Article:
The peninsula went into the COVID-19 red zone as positive case numbers began to rise. Homer’s local testing clinic saw a dramatic increase in the number of tests, with a positive rate of 17%.

Homer pet owners haven’t escaped a national shortage of veterinarians. An increase in pet ownership spurred by the pandemic didn’t help.

In a sign that the state economy had begun to recover, job numbers increased in June, according to a July report. Alaska saw about 17,000 more jobs compared to June 2020.

Hospitalization and death rates increased on the peninsula. Central Peninsula Hospital had 10 patients with COVID-19, including three who had been intubate and on ventilators. One man in his 70s died and another was medevacked to Anchorage. South Peninsula Hospital also saw an increased, with five COVID-19 patients hospitalized. The hospital emergency room had seen one or two visits a day for COVID-19 symptoms. Most of the infections were in young people ages 20-29, Public Health Nurse Lorne Carroll told the Homer City Council.

The Homer City Council returned in-person to its remodeled chambers for the first time since the pandemic started. The improvements include equipment to offer the meetings in a hybrid model so that people can attend in person or remotely and still participate.

An 8.2-magnitude earthquake on July 28 prompted a tsunami warning and evacuation of the Homer Spit. The largest earthquake in the United States in 50 years, the quake didn’t cause any local damage.


All census regions of the state were in the high alert status, according to DHSS. DHSS said that sicne Jan. 1, 84% of all hospitalizations and 94% of all deaths were of people not vaccinated or not fully vaccinated.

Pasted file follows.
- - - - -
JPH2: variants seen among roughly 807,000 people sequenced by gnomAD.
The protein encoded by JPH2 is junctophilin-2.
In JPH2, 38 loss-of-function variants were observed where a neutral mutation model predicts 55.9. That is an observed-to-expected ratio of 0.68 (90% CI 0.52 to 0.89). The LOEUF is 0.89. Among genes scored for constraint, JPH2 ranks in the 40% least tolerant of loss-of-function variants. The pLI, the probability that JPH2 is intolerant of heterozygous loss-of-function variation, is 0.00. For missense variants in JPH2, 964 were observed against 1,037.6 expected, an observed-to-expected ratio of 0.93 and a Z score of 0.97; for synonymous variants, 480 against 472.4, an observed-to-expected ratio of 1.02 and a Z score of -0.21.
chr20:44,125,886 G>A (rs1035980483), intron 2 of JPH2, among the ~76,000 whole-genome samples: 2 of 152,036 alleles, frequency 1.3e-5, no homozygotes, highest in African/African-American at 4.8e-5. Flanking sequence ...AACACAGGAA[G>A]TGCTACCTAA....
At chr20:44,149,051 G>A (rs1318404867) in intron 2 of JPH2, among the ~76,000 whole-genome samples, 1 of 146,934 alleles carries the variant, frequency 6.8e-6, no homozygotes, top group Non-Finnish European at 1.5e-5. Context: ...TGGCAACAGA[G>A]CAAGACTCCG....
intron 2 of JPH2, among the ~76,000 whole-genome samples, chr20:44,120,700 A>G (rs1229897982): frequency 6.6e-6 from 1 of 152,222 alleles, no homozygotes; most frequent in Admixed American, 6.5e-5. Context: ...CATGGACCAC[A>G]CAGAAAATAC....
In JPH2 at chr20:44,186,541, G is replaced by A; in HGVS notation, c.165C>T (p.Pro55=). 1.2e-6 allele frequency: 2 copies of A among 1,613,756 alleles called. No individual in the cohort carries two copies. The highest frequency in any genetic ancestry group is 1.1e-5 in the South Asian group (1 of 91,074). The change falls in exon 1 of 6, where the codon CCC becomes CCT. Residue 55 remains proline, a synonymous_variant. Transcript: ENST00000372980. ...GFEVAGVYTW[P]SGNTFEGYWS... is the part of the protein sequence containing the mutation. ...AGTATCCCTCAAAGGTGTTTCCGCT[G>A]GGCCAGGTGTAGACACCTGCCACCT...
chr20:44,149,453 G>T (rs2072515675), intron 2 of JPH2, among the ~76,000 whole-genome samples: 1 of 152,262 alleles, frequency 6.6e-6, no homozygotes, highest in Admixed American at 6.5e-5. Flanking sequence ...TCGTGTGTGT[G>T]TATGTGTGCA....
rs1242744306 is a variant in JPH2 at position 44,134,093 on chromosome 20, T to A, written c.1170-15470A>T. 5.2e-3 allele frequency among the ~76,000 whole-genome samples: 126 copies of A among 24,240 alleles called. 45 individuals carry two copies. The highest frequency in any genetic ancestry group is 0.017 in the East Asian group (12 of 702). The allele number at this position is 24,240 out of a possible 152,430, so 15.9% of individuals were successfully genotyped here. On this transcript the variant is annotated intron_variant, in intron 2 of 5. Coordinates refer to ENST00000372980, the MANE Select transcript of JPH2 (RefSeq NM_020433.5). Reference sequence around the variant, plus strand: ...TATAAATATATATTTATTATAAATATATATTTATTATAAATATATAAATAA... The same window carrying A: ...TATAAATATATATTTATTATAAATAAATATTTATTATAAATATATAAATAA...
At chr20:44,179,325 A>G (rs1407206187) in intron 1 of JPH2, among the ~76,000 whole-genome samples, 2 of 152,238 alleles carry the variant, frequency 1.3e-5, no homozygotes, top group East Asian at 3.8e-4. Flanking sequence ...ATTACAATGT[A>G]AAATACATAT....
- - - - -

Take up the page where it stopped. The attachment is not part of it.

Salmonfest returned with live performances at the Kenai Peninsula Fairgrounds in Ninilchik. Capacity and ticket sales were cut back, and concert organizers encouraged people to wear face masks. Later in August, the Kenai Peninsula Fair returned and celebrated its 70th year.

About 70 South Peninsula Hospital staff suffered food poisoning after some ate pulled pork sandwiches made by a vendor. The hospital had ordered to-go lunches from multiple restaurants. The general public did not get the sandwiches. DHSS officials determined the food poisoning probably happened because of improper cooling of cooked meat.

The Homer City Council voted down a proposal to allow onsite consumption at Homer cannabis facilities.

In a flurry of social media posts, at least seven businesses announced temporary closures because of rising COVID-19 cases in Homer, including the Homer News. Some restaurants announced they were stopping in-house dining and again offering to-go orders only. Because of the increase in cases, Capstone Clinic held pop-up testing clinics at the Homer Public Library. Of 959 tests done, 10.11% were positive.

“Homer has done so well, and now to have more outbreaks than we had ever before makes it a little nerve wracking, to say the least,” said NOMAR owner Kate Mitchell, one of the businesses affected.

Peninsula public schools opened on Aug. 17.

The Kenai Peninsula Borough took in about $5.2 million more than anticipated in sales tax revenue over the last year.

Three Homer men died of COVID-19, the DHSS announced on Aug. 24. A man in his 80s and two men in their 50s died. The deaths were reported through the death certificate review process.